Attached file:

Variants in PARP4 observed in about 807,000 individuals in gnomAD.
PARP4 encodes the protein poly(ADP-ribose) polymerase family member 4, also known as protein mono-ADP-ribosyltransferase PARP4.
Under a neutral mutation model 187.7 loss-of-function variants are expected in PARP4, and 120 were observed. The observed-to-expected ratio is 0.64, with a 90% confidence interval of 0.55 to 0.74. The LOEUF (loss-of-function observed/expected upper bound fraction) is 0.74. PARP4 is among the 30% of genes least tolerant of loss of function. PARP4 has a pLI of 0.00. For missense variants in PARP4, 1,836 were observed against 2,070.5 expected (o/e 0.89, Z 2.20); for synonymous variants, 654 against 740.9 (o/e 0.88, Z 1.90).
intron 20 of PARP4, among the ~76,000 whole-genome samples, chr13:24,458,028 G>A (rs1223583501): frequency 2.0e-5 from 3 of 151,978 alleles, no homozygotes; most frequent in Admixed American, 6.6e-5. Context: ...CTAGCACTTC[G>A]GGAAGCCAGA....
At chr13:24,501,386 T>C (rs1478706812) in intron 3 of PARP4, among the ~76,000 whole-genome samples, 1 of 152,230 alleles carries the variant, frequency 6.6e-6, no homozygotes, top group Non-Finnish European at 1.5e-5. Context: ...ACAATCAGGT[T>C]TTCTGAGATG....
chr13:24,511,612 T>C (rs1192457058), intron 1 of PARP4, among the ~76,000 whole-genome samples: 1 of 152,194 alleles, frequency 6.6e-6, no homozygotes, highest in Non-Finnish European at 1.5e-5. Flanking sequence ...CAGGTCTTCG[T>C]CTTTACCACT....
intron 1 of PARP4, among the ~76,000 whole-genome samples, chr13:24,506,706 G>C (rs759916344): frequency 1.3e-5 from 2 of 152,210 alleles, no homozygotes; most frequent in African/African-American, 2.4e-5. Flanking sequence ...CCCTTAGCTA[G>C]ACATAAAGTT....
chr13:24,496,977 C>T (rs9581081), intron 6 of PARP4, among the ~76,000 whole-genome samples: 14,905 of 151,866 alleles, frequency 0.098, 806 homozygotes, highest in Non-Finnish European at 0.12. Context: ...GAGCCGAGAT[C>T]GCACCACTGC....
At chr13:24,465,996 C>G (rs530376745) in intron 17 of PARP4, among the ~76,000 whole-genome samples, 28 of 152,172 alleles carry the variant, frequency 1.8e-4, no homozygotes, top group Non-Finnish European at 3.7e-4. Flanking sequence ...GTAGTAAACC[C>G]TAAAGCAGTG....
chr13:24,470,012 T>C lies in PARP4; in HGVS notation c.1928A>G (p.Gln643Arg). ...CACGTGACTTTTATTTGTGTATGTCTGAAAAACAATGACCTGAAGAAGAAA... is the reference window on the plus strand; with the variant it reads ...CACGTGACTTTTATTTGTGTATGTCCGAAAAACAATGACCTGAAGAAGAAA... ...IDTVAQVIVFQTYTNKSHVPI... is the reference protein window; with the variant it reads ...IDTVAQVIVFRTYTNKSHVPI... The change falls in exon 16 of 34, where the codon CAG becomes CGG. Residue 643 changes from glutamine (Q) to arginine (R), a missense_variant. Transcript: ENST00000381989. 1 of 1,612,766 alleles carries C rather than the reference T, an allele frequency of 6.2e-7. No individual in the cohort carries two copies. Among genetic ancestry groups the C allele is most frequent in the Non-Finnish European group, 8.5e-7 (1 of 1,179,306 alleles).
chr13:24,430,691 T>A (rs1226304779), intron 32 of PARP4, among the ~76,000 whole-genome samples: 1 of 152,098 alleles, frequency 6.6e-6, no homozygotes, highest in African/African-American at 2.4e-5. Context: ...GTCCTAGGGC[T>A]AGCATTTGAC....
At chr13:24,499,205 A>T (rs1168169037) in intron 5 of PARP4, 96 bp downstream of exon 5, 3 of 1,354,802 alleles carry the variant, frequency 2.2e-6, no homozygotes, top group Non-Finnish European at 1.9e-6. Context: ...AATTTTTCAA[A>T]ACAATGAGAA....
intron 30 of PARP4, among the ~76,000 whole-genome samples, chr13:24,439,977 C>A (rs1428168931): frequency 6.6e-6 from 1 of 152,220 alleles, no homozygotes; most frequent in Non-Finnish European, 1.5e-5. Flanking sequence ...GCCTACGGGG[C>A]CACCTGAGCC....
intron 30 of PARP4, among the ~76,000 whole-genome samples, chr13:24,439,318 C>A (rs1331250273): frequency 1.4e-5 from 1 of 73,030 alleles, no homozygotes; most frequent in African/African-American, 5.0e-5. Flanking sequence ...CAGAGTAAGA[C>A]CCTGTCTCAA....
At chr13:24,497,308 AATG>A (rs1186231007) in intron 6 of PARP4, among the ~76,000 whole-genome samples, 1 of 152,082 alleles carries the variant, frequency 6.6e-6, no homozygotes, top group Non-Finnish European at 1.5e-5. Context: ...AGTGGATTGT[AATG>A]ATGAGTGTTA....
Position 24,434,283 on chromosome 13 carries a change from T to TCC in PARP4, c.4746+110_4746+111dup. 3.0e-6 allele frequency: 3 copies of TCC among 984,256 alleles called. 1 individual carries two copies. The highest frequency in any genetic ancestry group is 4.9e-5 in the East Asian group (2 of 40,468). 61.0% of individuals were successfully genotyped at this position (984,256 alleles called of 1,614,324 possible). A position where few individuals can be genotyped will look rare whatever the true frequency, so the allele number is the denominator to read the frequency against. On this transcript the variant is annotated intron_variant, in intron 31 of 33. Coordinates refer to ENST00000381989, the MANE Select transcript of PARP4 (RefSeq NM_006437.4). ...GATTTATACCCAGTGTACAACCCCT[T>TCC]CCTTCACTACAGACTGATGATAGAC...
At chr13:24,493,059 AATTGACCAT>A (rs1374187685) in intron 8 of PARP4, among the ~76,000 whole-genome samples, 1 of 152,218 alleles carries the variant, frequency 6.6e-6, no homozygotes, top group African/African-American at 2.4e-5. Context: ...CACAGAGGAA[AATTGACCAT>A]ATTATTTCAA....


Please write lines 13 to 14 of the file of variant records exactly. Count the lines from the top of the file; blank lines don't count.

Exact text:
intron 30 of PARP4, among the ~76,000 whole-genome samples, chr13:24,439,977 C>A (rs1428168931): frequency 6.6e-6 from 1 of 152,220 alleles, no homozygotes; most frequent in Non-Finnish European, 1.5e-5. Flanking sequence ...GCCTACGGGG[C>A]CACCTGAGCC....
intron 30 of PARP4, among the ~76,000 whole-genome samples, chr13:24,439,318 C>A (rs1331250273): frequency 1.4e-5 from 1 of 73,030 alleles, no homozygotes; most frequent in African/African-American, 5.0e-5. Flanking sequence ...CAGAGTAAGA[C>A]CCTGTCTCAA....